Fighting the last war

July 4, 2009

The Federal KM listserv has been much occupied with the question of creating a federal CKO and knowledge centre. Some of that argument has also transferred across to ActKM, the lengthy stuff with lots of interleaved comments that these days I just delete without reading. Now a few of us have opposed the idea from day one. There are many reasons for this opposition, some of this relate to the dangers of creating centralised bureaucratic for functions that should be naturalistic in form. Creating centralised groups are mostly harmless to knowledge transfer largely because they do on impinge on the realities of practice. They create processes, reports, conferences and the like that may waste time but are not destructive per se. The real danger is that they raise expectations that cannot be satisfied and waste energy and time.

I have on several occasions asked the advocates what they plan to do differently in order to avoid these issues. In a posting to the listserv I said:

Its also worth remembering that those of us who are being negative have been around for a bit, we have seen many more failures that we have successes. Using that experience is one of the things knowledge management was meant to be about. We always learn more from failure than success  is an old adage which has scientific support. You could add to that but we do our best to pretend that the failure was a result of lack of management commitment, insufficient funding (or anyone of many excuses); anything other than questioning if it might be the wrong thing to do.

I was at a working group on small group command effectiveness in DC recently. Talking with people in special forces and marine units who operate in the field I was reminded of the old adage current generals always fight the last war. Understanding how to fight with many small groups, often commanded by a corporal, needing to understand local culture is a very different battleground from the Iran War or other large scale engagements. That appears to be understood at a junior officer level, but it has not fully penetrated “upstairs”

Much the same could be said of KM. We are dealing with fragmented, self assembling systems where the role of leadership is to manage constraints, not direct or consolidate activity in one place. Its not bottom up or top down, or even middle-bottom up, its about managing nodal networks and the techniques for that are the anthesis of “Centres”.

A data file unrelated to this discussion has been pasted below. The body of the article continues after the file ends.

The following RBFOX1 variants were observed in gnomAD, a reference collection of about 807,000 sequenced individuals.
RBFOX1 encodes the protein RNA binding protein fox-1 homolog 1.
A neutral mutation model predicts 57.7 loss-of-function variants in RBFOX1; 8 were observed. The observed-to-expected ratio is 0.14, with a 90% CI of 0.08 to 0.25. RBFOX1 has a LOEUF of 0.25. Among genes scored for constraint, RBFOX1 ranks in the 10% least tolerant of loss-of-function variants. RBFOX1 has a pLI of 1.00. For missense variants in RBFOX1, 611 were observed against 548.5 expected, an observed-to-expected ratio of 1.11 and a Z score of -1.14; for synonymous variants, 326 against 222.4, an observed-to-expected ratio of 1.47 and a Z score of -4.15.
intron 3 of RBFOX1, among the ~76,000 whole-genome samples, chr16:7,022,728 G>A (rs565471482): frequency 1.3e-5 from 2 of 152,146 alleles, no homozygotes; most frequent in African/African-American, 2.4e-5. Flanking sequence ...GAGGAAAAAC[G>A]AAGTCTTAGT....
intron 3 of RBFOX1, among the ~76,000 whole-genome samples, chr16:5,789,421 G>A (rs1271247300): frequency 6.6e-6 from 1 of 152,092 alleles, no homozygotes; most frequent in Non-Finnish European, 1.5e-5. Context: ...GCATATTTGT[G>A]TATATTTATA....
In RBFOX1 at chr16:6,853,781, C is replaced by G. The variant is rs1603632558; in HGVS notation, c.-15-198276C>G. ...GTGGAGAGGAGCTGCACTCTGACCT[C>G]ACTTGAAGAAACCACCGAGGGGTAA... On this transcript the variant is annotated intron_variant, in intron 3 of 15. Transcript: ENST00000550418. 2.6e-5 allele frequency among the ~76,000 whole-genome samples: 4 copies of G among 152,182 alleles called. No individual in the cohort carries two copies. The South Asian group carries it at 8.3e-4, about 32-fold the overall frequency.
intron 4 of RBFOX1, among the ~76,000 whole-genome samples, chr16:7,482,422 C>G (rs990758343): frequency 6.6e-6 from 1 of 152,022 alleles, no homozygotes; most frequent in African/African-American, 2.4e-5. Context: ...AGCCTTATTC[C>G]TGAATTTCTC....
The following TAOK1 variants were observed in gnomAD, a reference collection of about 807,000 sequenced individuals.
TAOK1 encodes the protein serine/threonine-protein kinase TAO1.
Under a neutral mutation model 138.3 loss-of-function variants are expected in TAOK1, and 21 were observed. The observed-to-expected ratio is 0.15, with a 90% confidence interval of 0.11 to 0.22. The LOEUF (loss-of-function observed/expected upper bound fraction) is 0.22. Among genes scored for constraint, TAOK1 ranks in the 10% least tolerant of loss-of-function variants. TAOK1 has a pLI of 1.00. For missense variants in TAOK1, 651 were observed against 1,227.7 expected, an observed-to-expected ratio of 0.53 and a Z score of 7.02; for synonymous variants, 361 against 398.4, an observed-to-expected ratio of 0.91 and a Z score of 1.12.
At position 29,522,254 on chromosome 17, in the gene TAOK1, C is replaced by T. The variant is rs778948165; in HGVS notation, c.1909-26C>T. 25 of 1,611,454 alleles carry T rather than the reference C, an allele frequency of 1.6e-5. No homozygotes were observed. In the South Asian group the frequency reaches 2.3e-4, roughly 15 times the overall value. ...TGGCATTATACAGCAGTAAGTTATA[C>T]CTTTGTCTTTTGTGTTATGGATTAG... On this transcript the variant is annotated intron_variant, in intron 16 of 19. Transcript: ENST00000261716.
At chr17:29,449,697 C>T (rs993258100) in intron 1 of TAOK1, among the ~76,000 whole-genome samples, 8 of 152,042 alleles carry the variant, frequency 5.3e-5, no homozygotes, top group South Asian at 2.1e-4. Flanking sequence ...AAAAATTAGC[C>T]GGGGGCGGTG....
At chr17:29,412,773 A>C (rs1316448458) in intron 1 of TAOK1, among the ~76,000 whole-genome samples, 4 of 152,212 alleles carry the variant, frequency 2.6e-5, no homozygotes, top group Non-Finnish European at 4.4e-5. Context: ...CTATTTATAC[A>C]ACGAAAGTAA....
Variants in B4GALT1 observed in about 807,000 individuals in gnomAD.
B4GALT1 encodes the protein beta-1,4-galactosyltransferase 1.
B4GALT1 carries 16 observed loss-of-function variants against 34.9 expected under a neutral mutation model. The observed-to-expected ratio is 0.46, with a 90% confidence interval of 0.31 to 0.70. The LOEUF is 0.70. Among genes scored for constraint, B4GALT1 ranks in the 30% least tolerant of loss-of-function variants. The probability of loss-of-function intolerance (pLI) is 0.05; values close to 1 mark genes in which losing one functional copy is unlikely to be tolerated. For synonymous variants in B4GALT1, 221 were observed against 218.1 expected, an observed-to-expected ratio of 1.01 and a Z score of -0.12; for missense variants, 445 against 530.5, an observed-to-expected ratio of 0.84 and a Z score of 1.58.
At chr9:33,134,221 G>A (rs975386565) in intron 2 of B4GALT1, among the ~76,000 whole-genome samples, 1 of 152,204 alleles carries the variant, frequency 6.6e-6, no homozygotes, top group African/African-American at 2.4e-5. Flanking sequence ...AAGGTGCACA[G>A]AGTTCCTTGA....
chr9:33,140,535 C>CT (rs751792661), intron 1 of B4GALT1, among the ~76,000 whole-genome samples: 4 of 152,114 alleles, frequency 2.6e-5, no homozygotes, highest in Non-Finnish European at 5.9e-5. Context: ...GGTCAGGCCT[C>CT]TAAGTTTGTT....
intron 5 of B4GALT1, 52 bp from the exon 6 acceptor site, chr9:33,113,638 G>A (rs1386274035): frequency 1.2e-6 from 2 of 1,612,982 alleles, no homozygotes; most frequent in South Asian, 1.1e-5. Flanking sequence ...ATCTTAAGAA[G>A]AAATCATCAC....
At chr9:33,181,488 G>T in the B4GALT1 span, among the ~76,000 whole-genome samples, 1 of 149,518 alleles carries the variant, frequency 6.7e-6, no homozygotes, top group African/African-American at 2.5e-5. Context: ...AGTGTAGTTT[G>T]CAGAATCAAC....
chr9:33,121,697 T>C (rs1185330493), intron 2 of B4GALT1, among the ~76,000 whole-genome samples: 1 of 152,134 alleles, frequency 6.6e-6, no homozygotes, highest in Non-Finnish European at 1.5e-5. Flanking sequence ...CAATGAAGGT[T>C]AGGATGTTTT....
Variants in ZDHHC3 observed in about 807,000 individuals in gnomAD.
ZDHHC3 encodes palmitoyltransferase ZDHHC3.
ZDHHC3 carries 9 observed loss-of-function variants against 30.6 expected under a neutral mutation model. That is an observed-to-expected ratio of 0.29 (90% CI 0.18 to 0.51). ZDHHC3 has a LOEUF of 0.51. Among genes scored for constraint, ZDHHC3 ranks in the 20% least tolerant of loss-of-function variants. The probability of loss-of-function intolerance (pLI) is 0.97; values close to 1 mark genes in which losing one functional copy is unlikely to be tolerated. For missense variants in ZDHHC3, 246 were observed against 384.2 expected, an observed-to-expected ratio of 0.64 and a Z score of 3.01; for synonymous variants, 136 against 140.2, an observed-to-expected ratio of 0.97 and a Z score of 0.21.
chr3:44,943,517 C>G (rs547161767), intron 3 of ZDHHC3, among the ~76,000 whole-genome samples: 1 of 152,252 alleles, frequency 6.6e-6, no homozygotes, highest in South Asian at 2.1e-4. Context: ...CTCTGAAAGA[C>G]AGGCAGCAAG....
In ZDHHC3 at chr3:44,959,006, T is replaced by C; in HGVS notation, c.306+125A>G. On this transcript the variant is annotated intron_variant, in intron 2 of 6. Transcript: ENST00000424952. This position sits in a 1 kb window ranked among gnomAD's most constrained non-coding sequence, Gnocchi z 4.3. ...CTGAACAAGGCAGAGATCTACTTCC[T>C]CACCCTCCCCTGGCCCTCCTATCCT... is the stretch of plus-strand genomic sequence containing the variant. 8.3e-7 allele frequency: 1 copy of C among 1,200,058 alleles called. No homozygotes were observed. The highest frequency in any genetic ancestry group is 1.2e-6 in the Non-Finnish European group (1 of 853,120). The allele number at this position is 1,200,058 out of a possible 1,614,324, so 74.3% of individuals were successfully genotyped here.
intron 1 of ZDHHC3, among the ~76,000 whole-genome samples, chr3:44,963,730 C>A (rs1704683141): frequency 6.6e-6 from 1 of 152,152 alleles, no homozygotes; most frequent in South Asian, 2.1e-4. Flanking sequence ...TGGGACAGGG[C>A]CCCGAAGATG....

So far no one has addressed the question of what would be different if a Federal KM Centre was established, or how it would interact with other appointments. There seems to be an entrained pattern of belief, in the face of all the evidence to the contrary, that a Centre will solve the issues of cross-silo collaboration. The argument seems to be of the form We want collaboration, KM is about collaboration so set up a KM Centre and people will collaborate. The motivations are worthy (although I suspect at least one protagonist thinks he should have the role), but the ability to reflect and learn from the past seems absent. If something has failed then just doing the old things harder will not result in success.

Now the idea has been posted to the White House Open Government Initiative and all members are being lobbied to support, I quote:

By supporting the KM entries posted by Neil Olonoff and others with your high ratings, Knowledge Management will be a key component of the “Enhancing Intra- and Inter- Government Collaboration” recommendations for the President’s Open Government Directive!

Red capital letters never incline me to compliance and I am not a US citizen so will not register and vote. If I could then it would be against. The advocates of this approach are rather like first world war generals, throwing resources against entrenched positions to no purpose other than waste, using long outmoded tactics.

Aside from that the whole idea that you can list multiple initiatives and have a popularity contest represents a flawed approach both conceptually and practically to citizen engagement. I will return to that tomorrow.

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